Ever wished you knew a few occupational therapists to help with your child’s pencil grasp?
Are you getting ready to teach your preschooler how to write but have no clue where to start?
What if I know nothing about proper pencil grip or a child’s pencil grasp?
I don’t know about you but I am in a constant state of fear that I am going to ruin my kids’ little fingers.
Proper Pencil Grip: How to Teach Your Kids Handwriting (5 Actionable Tips for Pencil Grasp Development)
Today Heather will be sharing 5 proper pencil grip tips for pencil grasp development with young children that we can start doing now and involves fine motor play.
Did you know that an incorrect pencil grip could lead to your child having:
- hand fatigue
- a hard time writing
- writing that’s not legible (legible handwriting is pretty important)
Proper pencil grasp is so important for young children!
Proper Pencil Grip: How to Teach Your Kids Handwriting
A Little Background Info on why I can help with proper pencil grip
Before becoming a stay-at-home mom and homeschool mom blogger, I worked as an Occupational Therapy Assistant in the public school system.
So working with pencil grasp development at various ages and identifying the different stages of pencil grasp development was something I dealt with almost every day.
If a child is having problems with pencil grasp the best thing to do is go back and start at the beginning. Pencil grasp starts to develop at a very early age, around 3 months old.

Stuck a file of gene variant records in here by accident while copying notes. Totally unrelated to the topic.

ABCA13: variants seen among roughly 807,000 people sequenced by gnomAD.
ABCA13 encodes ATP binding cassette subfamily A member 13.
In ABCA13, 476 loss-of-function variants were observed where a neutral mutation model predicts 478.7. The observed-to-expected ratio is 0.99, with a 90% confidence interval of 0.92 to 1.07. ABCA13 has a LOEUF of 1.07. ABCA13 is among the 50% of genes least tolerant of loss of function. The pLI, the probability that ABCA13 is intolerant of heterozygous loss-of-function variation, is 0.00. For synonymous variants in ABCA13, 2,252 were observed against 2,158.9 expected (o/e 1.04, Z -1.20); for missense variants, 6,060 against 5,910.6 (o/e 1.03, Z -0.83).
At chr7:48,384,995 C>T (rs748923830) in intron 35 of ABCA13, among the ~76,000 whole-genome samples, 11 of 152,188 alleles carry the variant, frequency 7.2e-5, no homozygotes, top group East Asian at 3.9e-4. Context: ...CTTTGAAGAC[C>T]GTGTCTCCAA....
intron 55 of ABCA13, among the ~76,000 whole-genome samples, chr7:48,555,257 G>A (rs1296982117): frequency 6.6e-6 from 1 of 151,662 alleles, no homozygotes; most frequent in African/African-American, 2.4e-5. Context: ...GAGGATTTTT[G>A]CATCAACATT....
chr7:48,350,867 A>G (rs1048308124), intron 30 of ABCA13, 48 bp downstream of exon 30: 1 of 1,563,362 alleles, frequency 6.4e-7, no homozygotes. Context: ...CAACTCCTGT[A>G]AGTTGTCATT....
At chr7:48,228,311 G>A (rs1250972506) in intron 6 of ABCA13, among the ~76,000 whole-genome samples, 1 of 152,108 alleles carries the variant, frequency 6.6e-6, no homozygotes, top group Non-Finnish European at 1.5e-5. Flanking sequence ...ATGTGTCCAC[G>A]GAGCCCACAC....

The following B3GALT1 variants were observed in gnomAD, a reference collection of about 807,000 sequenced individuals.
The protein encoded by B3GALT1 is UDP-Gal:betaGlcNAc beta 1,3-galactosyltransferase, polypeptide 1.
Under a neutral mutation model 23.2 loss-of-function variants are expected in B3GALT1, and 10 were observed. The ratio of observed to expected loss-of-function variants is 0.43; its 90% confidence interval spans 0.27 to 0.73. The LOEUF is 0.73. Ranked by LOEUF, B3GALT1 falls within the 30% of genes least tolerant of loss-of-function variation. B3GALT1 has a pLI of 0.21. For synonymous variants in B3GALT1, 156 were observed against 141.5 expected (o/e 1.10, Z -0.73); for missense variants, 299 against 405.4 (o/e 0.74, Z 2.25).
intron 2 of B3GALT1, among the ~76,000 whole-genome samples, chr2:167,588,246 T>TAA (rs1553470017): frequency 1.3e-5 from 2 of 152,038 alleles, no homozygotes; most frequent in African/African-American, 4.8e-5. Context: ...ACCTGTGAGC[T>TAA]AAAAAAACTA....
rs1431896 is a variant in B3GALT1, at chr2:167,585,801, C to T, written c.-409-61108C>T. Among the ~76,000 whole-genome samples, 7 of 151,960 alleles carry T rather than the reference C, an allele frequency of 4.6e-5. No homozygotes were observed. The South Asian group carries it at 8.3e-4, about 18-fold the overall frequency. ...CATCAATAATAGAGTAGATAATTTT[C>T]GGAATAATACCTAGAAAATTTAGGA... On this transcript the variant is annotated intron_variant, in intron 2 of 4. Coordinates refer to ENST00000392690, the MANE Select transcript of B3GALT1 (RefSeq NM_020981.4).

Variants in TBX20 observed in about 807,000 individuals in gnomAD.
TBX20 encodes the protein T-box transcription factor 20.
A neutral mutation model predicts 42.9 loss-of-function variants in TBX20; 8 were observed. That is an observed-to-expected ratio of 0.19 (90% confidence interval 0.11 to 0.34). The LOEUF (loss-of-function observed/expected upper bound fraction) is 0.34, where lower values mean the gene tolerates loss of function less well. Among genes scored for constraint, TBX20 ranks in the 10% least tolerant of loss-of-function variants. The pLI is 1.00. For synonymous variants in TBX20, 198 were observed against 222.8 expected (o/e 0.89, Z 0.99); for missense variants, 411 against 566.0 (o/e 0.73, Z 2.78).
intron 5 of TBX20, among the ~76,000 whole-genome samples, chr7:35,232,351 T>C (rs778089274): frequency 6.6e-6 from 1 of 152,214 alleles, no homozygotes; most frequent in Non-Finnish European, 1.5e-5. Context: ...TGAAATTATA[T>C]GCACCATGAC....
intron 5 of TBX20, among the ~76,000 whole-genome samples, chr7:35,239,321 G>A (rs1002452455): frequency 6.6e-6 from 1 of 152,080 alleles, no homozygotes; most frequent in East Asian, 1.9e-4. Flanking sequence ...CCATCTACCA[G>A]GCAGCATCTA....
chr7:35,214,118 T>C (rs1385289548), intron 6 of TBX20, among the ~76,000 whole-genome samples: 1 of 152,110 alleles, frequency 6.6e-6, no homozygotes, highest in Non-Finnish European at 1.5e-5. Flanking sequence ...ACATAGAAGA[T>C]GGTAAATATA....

You can check out my post on Typical Pencil Grasp Development on my blog. It has step-by-step pictures of each pencil grasp developmental stages and names of the different types of grasp.
By the time your child hits preschool age (3-5), they should begin to develop a tripod (3 finger grasp) or quadruped (4 finger grasp).
The tripod grasp includes the index finger and thumb directly on the pencil with the pencil resting against the middle finger.
The last two fingers should be fisted in the palm of the hand.
The quadruped grasp includes the thumb, index, and middle fingers on the pencil. The pencil should be resting on the 4th finger with the last two fingers also fisted into the palm of the hand.
If your child is struggling in using either of these types of grasps by the time they hit 4 to 5, focusing on the correct pencil grasp is important.
Older children (once a child hits 3rd grade or higher,) any grasp or writing habits they have formed will be very hard to break. This is why early intervention is important.
I would focus on the tripod grasp first. However the quadruped grasp is also considered an efficient grasp, so if they revert to that one it isn’t a big deal. I use that type of grasp myself.
Practicing the correct types of hand grasp can be boring and also exhausting. I very much encourage hands-on activities for anything handwriting related to this page.
The last thing you want to do is just practice handwriting over and over again with pencils and paper.
For more preschool writing and proper pencil grip ideas, I wrote an ebook, Basic Shapes for Beginners.
It gives 30+ hands-on activity ideas for promoting good pre-writing skills, and developing hand strength which will also help with pencil grasp development.
5 Tips for proper pencil grip to help your child’s handwriting